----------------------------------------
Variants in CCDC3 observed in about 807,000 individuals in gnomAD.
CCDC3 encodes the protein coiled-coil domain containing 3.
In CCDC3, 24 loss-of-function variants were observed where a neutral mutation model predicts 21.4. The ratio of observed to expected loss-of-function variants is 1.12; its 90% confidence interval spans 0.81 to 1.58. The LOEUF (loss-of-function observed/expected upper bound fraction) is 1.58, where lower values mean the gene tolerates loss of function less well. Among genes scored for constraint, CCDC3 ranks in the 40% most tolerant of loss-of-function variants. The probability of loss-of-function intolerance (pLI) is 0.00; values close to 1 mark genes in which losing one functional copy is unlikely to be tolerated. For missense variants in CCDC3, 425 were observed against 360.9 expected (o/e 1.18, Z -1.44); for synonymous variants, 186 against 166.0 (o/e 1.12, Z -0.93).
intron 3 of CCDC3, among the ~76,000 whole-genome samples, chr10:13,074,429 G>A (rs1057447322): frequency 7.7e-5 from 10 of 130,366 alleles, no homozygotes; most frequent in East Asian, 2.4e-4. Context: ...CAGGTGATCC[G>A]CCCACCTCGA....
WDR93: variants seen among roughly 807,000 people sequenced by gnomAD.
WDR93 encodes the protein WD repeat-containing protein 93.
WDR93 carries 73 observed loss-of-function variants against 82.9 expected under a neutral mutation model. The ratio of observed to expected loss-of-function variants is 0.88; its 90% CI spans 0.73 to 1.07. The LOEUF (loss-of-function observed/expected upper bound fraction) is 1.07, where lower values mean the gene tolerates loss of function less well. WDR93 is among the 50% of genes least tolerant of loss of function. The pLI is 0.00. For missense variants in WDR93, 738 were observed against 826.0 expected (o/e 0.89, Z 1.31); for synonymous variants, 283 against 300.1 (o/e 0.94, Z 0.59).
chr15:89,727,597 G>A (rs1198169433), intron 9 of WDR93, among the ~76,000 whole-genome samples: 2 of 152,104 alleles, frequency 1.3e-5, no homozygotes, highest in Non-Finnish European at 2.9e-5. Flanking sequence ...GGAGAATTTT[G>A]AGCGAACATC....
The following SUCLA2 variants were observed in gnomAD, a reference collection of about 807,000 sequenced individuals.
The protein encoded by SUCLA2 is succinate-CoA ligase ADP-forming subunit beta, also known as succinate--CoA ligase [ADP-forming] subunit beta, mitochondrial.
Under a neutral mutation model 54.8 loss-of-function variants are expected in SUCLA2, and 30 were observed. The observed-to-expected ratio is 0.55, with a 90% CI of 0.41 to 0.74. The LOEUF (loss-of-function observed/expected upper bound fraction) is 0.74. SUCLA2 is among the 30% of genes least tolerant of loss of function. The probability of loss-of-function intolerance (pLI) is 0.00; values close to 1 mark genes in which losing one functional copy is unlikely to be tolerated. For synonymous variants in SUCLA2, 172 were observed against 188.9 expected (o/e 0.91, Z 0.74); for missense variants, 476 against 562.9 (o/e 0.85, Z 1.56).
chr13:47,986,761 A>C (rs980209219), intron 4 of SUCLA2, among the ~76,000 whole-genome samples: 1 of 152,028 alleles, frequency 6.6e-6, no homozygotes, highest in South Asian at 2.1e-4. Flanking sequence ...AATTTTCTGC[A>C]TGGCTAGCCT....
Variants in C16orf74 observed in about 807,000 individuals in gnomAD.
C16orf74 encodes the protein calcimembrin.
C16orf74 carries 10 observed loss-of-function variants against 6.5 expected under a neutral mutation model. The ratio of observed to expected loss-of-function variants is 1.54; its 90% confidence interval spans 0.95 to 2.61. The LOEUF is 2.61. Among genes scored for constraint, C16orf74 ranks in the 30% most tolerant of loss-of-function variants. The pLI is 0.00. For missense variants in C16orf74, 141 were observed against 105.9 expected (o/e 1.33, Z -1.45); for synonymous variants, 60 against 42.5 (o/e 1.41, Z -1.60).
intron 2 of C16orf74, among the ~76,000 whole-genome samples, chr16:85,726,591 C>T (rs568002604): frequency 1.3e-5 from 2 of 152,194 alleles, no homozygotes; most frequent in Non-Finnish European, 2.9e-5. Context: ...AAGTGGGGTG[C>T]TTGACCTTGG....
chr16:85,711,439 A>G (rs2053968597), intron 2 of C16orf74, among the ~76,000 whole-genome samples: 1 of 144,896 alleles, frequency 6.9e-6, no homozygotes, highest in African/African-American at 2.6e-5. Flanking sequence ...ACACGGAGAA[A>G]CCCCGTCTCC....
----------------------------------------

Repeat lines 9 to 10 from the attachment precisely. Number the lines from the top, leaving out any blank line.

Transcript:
The following SUCLA2 variants were observed in gnomAD, a reference collection of about 807,000 sequenced individuals.
The protein encoded by SUCLA2 is succinate-CoA ligase ADP-forming subunit beta, also known as succinate--CoA ligase [ADP-forming] subunit beta, mitochondrial.